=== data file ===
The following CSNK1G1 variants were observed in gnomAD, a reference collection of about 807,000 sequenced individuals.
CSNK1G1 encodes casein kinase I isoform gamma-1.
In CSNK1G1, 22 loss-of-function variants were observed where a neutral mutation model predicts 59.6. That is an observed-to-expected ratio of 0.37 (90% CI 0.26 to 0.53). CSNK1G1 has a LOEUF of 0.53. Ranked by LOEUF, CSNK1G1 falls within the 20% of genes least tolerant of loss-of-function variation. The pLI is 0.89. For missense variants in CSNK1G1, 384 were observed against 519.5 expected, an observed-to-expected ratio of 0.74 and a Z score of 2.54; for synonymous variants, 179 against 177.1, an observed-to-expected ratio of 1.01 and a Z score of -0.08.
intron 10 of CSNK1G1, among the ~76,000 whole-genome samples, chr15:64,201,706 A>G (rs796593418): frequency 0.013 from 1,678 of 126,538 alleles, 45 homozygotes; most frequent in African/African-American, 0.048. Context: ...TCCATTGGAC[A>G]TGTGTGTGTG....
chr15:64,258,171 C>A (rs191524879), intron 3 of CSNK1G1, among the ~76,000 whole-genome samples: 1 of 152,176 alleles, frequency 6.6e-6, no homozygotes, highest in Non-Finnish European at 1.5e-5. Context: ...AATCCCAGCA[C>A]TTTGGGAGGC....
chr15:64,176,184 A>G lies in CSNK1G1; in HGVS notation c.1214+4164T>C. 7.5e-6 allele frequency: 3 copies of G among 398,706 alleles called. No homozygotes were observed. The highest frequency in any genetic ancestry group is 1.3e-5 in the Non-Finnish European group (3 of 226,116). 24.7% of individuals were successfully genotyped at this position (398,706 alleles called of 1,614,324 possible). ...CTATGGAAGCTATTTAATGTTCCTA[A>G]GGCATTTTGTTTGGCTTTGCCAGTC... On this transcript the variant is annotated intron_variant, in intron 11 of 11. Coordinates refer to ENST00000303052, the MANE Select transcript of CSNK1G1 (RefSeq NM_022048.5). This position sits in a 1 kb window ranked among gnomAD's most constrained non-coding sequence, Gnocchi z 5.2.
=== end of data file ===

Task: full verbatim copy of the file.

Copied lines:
The following CSNK1G1 variants were observed in gnomAD, a reference collection of about 807,000 sequenced individuals.
CSNK1G1 encodes casein kinase I isoform gamma-1.
In CSNK1G1, 22 loss-of-function variants were observed where a neutral mutation model predicts 59.6. That is an observed-to-expected ratio of 0.37 (90% CI 0.26 to 0.53). CSNK1G1 has a LOEUF of 0.53. Ranked by LOEUF, CSNK1G1 falls within the 20% of genes least tolerant of loss-of-function variation. The pLI is 0.89. For missense variants in CSNK1G1, 384 were observed against 519.5 expected, an observed-to-expected ratio of 0.74 and a Z score of 2.54; for synonymous variants, 179 against 177.1, an observed-to-expected ratio of 1.01 and a Z score of -0.08.
intron 10 of CSNK1G1, among the ~76,000 whole-genome samples, chr15:64,201,706 A>G (rs796593418): frequency 0.013 from 1,678 of 126,538 alleles, 45 homozygotes; most frequent in African/African-American, 0.048. Context: ...TCCATTGGAC[A>G]TGTGTGTGTG....
chr15:64,258,171 C>A (rs191524879), intron 3 of CSNK1G1, among the ~76,000 whole-genome samples: 1 of 152,176 alleles, frequency 6.6e-6, no homozygotes, highest in Non-Finnish European at 1.5e-5. Context: ...AATCCCAGCA[C>A]TTTGGGAGGC....
chr15:64,176,184 A>G lies in CSNK1G1; in HGVS notation c.1214+4164T>C. 7.5e-6 allele frequency: 3 copies of G among 398,706 alleles called. No homozygotes were observed. The highest frequency in any genetic ancestry group is 1.3e-5 in the Non-Finnish European group (3 of 226,116). 24.7% of individuals were successfully genotyped at this position (398,706 alleles called of 1,614,324 possible). ...CTATGGAAGCTATTTAATGTTCCTA[A>G]GGCATTTTGTTTGGCTTTGCCAGTC... On this transcript the variant is annotated intron_variant, in intron 11 of 11. Coordinates refer to ENST00000303052, the MANE Select transcript of CSNK1G1 (RefSeq NM_022048.5). This position sits in a 1 kb window ranked among gnomAD's most constrained non-coding sequence, Gnocchi z 5.2.